by Anthony Robbins, MD, MPA
Every year, the United Health Foundation (UHF) publishes America's Health Rankings. Today UHF released their 22nd annual report. Rankings are a useful gimmick for getting attention as everyone surely looks at his/her own state. I was particularly proud to find my state of Vermont at the top of the list. I also looked to see how the report, titled A Call to Action for Individuals & Their Communities, might reflect changing attitudes toward the health problems caused by workplace environments, a long-term concern of mine. What I found is discouraging.
Worker protection, unlike many public health objectives, is firmly and clearly embedded in federal law, the Occupational Safety and Health Act of 1970. Yet the two Federal public health officials who introduce the 2011 Edition, the head of CDC and the Surgeon General, never mention OSHA, a law and programs directly within their domains.
The Report does note that measures of workplace safety are often weak yet they rely on counts of workplace fatalities, correcting for the industry mix. One might think that they understand the problem, except they proudly report improvements in workplace fatality rates. To do so requires that they ignore an economy that stopped growing in 2008, and more importantly, that dangerous manufacturing jobs have been moving abroad for many years. What workers know is that very few if any particular jobs are safer today than a few years ago.
Something is surely wrong with public health when we have a strong statute, OSHA, and our leaders shy away from asking that the law be enforced. Apparently, enforcing the law to protect workers "takes health professionals outside their comfort zone." [Report, p. 118]
Anthony Robbins, MD, MPA is a Professor of Public Health at Tufts University School of Medicine and co-editor of the Journal of Public Health Policy. He directed the Vermont, then the Colorado, state health departments and the National Institute for Occupational Safety and Health before serving as professional staff to the House Energy and Commerce Committee.
Tony, thank you for bringing this to our attention. I recently attended the annual meeting of the Massachusetts Public Health Association where, as most years, worker health and safety is not a matter important enough to be mentioned. When those of us for whom this is important do bring it up, the response is always, "Oh, of course occupational health and safety is an important concern" - but always as an afterthought.
In a forthcoming issue of New Solutions: A Journal of Environmental and Occupational Health Policy (of which I am an editor - full disclosure), Charles Levenstein has an editorial where he notes that a recent issue of the American Journal of Public Health that focused on "peak oil and public health" failed to address the workers in these industries. He states, "The articles address issues in medical care, urban planning, food systems, and international affairsâbut nowhere are oil and chemical workers to be found." And he reminds us of Tony Mazzocchi's call for a "Superfund for Workers" and "Just Transition." I encourage everyone to read this editorial when it comes out in January.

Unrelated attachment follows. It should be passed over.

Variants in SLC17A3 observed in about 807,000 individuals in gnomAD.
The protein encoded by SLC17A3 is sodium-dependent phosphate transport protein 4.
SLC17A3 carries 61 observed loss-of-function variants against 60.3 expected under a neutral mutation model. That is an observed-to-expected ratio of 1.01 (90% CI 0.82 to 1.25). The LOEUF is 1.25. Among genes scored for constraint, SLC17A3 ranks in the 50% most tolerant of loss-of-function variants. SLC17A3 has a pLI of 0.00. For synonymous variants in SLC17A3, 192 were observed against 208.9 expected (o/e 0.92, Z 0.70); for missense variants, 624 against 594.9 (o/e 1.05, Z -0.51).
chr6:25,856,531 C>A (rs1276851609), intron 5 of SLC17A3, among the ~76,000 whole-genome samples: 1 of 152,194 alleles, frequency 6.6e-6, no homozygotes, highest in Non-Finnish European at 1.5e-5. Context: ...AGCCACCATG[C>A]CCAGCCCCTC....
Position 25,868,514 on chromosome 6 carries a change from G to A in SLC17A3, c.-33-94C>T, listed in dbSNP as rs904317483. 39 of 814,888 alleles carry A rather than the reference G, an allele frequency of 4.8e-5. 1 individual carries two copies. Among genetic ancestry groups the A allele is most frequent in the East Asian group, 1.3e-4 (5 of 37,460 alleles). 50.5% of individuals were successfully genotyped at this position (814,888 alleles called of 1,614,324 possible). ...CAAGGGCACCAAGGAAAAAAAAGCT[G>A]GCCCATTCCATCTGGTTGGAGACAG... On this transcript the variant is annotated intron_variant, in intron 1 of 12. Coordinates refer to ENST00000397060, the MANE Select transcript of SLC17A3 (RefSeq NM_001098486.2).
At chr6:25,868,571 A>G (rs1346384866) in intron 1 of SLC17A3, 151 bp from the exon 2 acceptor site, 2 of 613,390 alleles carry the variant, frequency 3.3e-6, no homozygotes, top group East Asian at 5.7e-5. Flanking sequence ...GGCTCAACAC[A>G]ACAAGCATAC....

How can we build a successful public health movement if we fail to work to improve the lives of the working class - most of the 99%? The modern public health movement began in the 19th century with concerns for the abhorrent living and working conditions forced upon the working class. I encourage everyone in public health to read "The Conditions of the Working Class in England" by Friedrich Engels - a text that is as valid and meaningful today in our era neoliberal globalization as it was then early in the era of liberal globalization.
And rather than reaching out to the most exciting sociopolitical movement in quite sometime - the Occupy movement - public health is being used as the club to shut it down. We make a grave error when we let health and safety be used to squash a call for equality and working class power. We could instead be telling mayors that port-a-potties, trash collection, and other sanitary measures can be provided to the encampments if their health and safety is an issue.
We deceive ourselves if we believe that the modern public health profession could exist today without the political and economic victories won by the labor movement throughout the twentieth century. We have been reminded of this by Milt Terris, Vincente Navarro, and Linda Rae Murray to name a few. When working class students protest and say that they want higher education to be as free as the air we breath and the water we drink, we in public health need to support them and educate them to know that we are the ones who work so hard to make that air and water safe to breath and drink.
In solidarity - Craig Slatin
Why does the headline for Tony's comment not include "health"? Too often these days, "safety" is used as a substitute for "health" and it's not. Otherwise, this is greatly appreciated.